New Liberian president to address Congress

Civil war left Liberia with steep challenges and a dubious distinction: the country has set the pace for American evacuation missions over the past 15 years.

Civil war left Liberia with steep challenges and a dubious distinction: the country has set the pace for American evacuation missions over the past 15 years.

In total, American forces had to rescue U.S. personnel from Liberia nine times, a number that points to both the constancy of the turmoil in the country and its longtime ties to the United States, which has sought to maintain a presence there nevertheless.

“If the wind’s not blowing, you can’t tell their flag from ours,” said Rep. James Clyburn (D-S.C.). Liberia’s flag, as well as its early government, was patterned after the United States’, with the same red and white stripes (11 versus 13) and the same blue box in the corner (one star instead of 50).

As new President Ellen Johnson Sirleaf makes her second trip to the United States since her surprise election victory last October, Clyburn and other supporters on and off the Hill are pushing Congress to add money for Liberia to the emergency supplemental bill that will pay for ongoing operations in Iraq and Afghanistan.

The money is needed to help Johnson Sirleaf, who is to address a joint session of Congress today, demonstrate that she can deliver on campaign promises to reduce unemployment and begin Liberia’s reconstruction, advocates say.

“This is a tremendous opportunity to redefine that country,” Clyburn said. “But she can’t do it without us, and she ought not to have to do it without us.”

Johnson Sirleaf’s election has given supporters new hope that Liberia can turn the corner on a brutal past, when forces of mostly youthful, illiterate combatants took a fairly prosperous country to the brink of collapse.

Domestic fiduciary concerns don’t top the list of reasons supporters are pushing for new help for Liberia, but there is a connection.

The last evacuation took 5,000 people and $500 million to accomplish, according to a document the Liberian government gave a delegation of 11 House members during a February trip there and to Darfur in western Sudan.

“What is an ounce of prevention worth?” the paper asks. The paper’s authors suggest that $80 million would go a long way in helping the country get back on its feet, money for security and road building to help immediately boost employment rolls, to begin the reconstruction of an electric grid and to support the return of Liberians who fled.

The long-standing ties between Liberia and the United States include financial support that dates to 1819, when Congress appropriated $100,000 to the American Colonization Society to establish the country.

The United States remained Liberia’s closest ally until its civil war of 1989 to 1996, which left 200,000 Liberians dead and a million more displaced, according to the State Department. Charles Taylor eventually won an election to become president but did little to improve Liberia’s lot.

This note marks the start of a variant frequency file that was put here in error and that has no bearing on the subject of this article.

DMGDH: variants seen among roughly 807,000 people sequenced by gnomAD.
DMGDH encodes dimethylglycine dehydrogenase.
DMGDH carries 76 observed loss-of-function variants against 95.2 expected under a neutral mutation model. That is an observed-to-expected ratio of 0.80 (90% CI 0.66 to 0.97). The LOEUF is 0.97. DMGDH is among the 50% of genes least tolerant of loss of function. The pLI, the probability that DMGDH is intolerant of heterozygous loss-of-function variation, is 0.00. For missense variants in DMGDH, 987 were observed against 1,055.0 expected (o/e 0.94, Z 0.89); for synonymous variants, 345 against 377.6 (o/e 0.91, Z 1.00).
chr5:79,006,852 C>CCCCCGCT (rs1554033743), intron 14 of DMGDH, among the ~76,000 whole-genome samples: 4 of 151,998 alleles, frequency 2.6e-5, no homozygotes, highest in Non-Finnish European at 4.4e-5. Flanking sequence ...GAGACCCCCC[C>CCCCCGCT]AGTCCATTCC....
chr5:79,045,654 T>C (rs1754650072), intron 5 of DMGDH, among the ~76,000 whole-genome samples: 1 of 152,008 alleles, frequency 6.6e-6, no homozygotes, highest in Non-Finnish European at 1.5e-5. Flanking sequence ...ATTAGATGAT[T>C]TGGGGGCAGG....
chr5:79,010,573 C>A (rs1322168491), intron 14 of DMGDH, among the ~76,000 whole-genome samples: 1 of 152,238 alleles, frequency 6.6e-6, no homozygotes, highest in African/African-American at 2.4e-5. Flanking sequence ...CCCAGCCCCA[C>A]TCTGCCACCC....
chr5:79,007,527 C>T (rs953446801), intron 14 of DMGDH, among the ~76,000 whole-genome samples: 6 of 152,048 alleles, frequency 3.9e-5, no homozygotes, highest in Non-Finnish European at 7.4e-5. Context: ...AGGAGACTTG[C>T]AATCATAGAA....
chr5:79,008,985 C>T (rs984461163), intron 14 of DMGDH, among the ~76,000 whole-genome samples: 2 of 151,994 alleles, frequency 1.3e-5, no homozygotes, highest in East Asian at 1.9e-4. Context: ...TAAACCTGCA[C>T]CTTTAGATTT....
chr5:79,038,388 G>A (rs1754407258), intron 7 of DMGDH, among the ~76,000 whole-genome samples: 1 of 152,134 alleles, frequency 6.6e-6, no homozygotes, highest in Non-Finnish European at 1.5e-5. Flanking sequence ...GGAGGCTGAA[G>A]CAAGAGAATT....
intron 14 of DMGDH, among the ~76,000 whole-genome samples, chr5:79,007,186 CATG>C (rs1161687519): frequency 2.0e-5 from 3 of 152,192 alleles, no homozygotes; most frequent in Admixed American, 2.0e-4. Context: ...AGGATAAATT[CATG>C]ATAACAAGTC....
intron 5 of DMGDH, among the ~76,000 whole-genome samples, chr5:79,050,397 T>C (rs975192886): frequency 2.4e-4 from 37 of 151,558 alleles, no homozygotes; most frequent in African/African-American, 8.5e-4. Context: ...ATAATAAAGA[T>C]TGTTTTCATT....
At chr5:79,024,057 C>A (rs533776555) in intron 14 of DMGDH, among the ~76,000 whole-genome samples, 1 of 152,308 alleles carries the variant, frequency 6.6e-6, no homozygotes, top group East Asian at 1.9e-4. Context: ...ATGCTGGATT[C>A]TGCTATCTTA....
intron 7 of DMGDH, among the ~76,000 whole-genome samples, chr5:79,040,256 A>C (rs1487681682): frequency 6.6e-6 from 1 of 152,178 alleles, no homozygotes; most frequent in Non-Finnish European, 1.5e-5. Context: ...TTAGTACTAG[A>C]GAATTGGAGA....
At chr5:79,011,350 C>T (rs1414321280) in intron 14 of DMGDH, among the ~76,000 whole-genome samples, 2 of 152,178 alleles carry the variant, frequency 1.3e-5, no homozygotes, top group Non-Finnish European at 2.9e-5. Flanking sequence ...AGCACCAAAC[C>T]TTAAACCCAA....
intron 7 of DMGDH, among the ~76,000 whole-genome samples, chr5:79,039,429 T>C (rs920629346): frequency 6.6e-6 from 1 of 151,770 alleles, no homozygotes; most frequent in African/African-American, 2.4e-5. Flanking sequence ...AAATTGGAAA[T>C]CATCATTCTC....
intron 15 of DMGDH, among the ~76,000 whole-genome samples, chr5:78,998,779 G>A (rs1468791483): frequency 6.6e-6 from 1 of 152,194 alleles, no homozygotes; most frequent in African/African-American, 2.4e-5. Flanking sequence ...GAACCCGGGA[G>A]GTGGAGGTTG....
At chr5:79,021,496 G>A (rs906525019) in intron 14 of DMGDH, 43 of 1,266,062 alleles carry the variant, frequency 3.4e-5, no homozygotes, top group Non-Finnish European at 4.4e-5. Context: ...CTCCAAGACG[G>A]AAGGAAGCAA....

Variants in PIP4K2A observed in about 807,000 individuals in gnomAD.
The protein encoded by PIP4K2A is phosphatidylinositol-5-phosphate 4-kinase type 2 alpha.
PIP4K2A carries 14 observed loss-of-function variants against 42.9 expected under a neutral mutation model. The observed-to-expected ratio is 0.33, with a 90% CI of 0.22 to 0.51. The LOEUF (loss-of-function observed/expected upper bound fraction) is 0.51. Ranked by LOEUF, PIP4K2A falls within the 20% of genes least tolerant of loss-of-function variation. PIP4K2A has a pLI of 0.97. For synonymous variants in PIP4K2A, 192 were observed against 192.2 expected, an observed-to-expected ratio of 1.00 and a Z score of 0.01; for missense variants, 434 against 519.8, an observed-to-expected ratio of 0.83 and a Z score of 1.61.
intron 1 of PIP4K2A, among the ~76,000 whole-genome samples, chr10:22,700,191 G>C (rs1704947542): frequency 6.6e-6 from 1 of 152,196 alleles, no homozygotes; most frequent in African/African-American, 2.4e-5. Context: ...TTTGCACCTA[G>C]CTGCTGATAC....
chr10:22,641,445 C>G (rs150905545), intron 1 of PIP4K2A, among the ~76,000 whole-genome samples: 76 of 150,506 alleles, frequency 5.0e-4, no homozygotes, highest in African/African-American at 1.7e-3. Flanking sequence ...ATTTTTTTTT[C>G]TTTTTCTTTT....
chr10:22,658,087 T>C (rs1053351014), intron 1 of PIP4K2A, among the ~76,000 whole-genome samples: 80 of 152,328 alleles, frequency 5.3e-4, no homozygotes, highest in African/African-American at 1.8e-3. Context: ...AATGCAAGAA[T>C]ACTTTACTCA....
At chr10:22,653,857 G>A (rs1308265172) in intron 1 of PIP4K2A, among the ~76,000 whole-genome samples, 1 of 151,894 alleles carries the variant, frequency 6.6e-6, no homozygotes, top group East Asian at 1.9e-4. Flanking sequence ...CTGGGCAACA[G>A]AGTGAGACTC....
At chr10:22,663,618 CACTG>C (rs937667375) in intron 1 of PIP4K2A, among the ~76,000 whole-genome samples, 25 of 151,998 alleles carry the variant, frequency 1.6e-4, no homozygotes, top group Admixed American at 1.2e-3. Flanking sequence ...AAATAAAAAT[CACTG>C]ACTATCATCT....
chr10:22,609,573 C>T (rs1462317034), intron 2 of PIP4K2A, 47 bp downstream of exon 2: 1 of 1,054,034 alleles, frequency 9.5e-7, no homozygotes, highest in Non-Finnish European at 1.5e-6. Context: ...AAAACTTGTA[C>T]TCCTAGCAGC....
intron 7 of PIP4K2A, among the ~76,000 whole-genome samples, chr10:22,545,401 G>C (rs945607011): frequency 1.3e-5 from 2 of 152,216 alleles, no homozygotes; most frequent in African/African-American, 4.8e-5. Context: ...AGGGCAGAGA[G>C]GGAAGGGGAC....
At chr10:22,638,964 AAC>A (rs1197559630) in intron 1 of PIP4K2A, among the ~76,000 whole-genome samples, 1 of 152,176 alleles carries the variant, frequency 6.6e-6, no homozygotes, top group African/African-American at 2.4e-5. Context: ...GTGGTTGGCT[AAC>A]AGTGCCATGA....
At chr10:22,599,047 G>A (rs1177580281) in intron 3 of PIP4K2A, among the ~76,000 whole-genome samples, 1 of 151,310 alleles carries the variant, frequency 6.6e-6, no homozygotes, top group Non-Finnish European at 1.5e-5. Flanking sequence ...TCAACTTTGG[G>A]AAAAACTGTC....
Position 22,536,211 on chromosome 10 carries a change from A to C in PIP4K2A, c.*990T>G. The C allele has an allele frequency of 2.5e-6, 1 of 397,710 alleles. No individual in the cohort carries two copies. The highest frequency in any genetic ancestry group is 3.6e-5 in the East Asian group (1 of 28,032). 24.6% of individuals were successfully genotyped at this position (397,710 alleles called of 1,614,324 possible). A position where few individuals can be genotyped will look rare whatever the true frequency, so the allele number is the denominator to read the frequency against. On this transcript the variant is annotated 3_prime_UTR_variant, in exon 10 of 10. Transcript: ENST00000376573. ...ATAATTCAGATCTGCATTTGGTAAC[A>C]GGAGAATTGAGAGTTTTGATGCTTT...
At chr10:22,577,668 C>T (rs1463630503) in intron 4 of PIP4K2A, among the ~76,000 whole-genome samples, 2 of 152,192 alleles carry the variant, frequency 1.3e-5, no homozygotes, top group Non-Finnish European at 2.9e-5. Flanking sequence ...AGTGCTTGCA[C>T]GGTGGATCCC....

Taylor himself fled the country to Nigeria in 2003, after years of continued fighting. He remains there.

Johnson Sirleaf is expected to thank Congress for supporting the removal of Taylor and the interim government and free elections that followed. She also is expected to ask for continued assistance.

The result of the years of conflict is a country with 80 percent unemployment, no power or phone service, and a gross national product of just $152 per person.

Liberia offers the opportunity to “plant the seed of democracy in Africa,” said Rep. Jesse Jackson Jr. (D-Ill.).

Jackson and Clyburn were sponsors of an amendment in the House Financial Operations Appropriations Subcommittee’s markup that added $50 million to the emergency supplemental.

Some Republicans objected to adding money for Liberia onto the supplemental when $128 million that Congress appropriated for 2006 is still unobligated by the administration, which is negotiating with lawmakers over how to spend other parts of the foreign-operations budget.

But the amendment was adopted by voice vote with bipartisan support.

Sen. Lincoln Chafee, a Republican from Rhode Island, which has a significant number of ex-Liberians, plans to work with Senate Appropriation Committee members Mike DeWine (R-Ohio) and Patrick Leahy (D-Vt.) to increase the House appropriation, said spokesman Christopher Spina.

Chafee wants to provide Johnson Sirleaf “the resources she needs to be an effective leader,” Spina said.

In the October election, Liberians chose experience over celebrity. Most U.S. observers believed soccer superstar George Weah would win, but Johnson Sirleaf, a Harvard-educated former World Bank official, stressed the importance of education and the economy in her runoff campaign.

If she wants to be successful, supporters say, it is critical for her to show U.S. backing.

“The United States must provide strong financial support to ensure that as much progress as possible is made in President Sirleaf’s first 150 days to solidify peace and establish credibility,” a letter to Congress from Liberia Watch, a group of churches, aide groups, and expatriates, states.

Liberia has also retained the lobbying firm BKSH to push for additional U.S. support.

This week, Congress and the administration are certainly rolling out a welcome mat for Johnson Sirleaf, whose schedule befits a head of a much larger state.

In addition to addressing a joint session of Congress today, Johnson Sirleaf will attend a Senate luncheon with Majority Leader Bill Frist (R-Tenn.) and Minority Leader Harry Reid (D-Nev.).

She then will be feted at a reception hosted by House Speaker Dennis Hastert (R-Ill.) and Minority Leader Pelosi (D-Calif.), and then at a meeting with the Congressional Black Caucus that afternoon.

Next week, she will have a one-on-one meeting with President Bush.

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